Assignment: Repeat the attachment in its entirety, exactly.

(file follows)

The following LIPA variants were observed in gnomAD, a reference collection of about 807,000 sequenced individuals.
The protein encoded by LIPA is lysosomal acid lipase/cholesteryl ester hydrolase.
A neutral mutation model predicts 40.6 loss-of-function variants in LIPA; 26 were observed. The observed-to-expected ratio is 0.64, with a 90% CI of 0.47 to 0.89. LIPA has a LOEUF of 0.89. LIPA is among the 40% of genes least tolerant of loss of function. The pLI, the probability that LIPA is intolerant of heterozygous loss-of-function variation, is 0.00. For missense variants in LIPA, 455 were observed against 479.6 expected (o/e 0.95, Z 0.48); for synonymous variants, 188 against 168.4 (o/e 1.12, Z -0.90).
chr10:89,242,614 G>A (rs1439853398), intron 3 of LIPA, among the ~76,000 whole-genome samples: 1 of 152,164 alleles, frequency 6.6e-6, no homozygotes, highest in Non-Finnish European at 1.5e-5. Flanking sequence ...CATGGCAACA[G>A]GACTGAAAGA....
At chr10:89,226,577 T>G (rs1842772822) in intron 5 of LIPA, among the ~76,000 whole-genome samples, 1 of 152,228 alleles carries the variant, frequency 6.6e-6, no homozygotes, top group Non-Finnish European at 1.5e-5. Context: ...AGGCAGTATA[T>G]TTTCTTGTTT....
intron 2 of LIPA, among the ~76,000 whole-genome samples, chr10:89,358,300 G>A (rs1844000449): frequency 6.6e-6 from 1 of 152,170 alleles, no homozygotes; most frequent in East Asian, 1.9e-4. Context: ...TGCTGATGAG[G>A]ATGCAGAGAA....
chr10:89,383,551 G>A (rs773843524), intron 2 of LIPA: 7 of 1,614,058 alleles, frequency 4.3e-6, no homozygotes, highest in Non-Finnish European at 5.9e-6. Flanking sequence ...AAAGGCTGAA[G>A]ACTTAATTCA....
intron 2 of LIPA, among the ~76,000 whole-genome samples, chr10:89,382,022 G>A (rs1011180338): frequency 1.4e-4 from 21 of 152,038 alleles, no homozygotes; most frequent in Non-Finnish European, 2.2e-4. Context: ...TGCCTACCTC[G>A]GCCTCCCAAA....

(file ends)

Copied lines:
The following LIPA variants were observed in gnomAD, a reference collection of about 807,000 sequenced individuals.
The protein encoded by LIPA is lysosomal acid lipase/cholesteryl ester hydrolase.
A neutral mutation model predicts 40.6 loss-of-function variants in LIPA; 26 were observed. The observed-to-expected ratio is 0.64, with a 90% CI of 0.47 to 0.89. LIPA has a LOEUF of 0.89. LIPA is among the 40% of genes least tolerant of loss of function. The pLI, the probability that LIPA is intolerant of heterozygous loss-of-function variation, is 0.00. For missense variants in LIPA, 455 were observed against 479.6 expected (o/e 0.95, Z 0.48); for synonymous variants, 188 against 168.4 (o/e 1.12, Z -0.90).
chr10:89,242,614 G>A (rs1439853398), intron 3 of LIPA, among the ~76,000 whole-genome samples: 1 of 152,164 alleles, frequency 6.6e-6, no homozygotes, highest in Non-Finnish European at 1.5e-5. Flanking sequence ...CATGGCAACA[G>A]GACTGAAAGA....
At chr10:89,226,577 T>G (rs1842772822) in intron 5 of LIPA, among the ~76,000 whole-genome samples, 1 of 152,228 alleles carries the variant, frequency 6.6e-6, no homozygotes, top group Non-Finnish European at 1.5e-5. Context: ...AGGCAGTATA[T>G]TTTCTTGTTT....
intron 2 of LIPA, among the ~76,000 whole-genome samples, chr10:89,358,300 G>A (rs1844000449): frequency 6.6e-6 from 1 of 152,170 alleles, no homozygotes; most frequent in East Asian, 1.9e-4. Context: ...TGCTGATGAG[G>A]ATGCAGAGAA....
chr10:89,383,551 G>A (rs773843524), intron 2 of LIPA: 7 of 1,614,058 alleles, frequency 4.3e-6, no homozygotes, highest in Non-Finnish European at 5.9e-6. Flanking sequence ...AAAGGCTGAA[G>A]ACTTAATTCA....
intron 2 of LIPA, among the ~76,000 whole-genome samples, chr10:89,382,022 G>A (rs1011180338): frequency 1.4e-4 from 21 of 152,038 alleles, no homozygotes; most frequent in Non-Finnish European, 2.2e-4. Context: ...TGCCTACCTC[G>A]GCCTCCCAAA....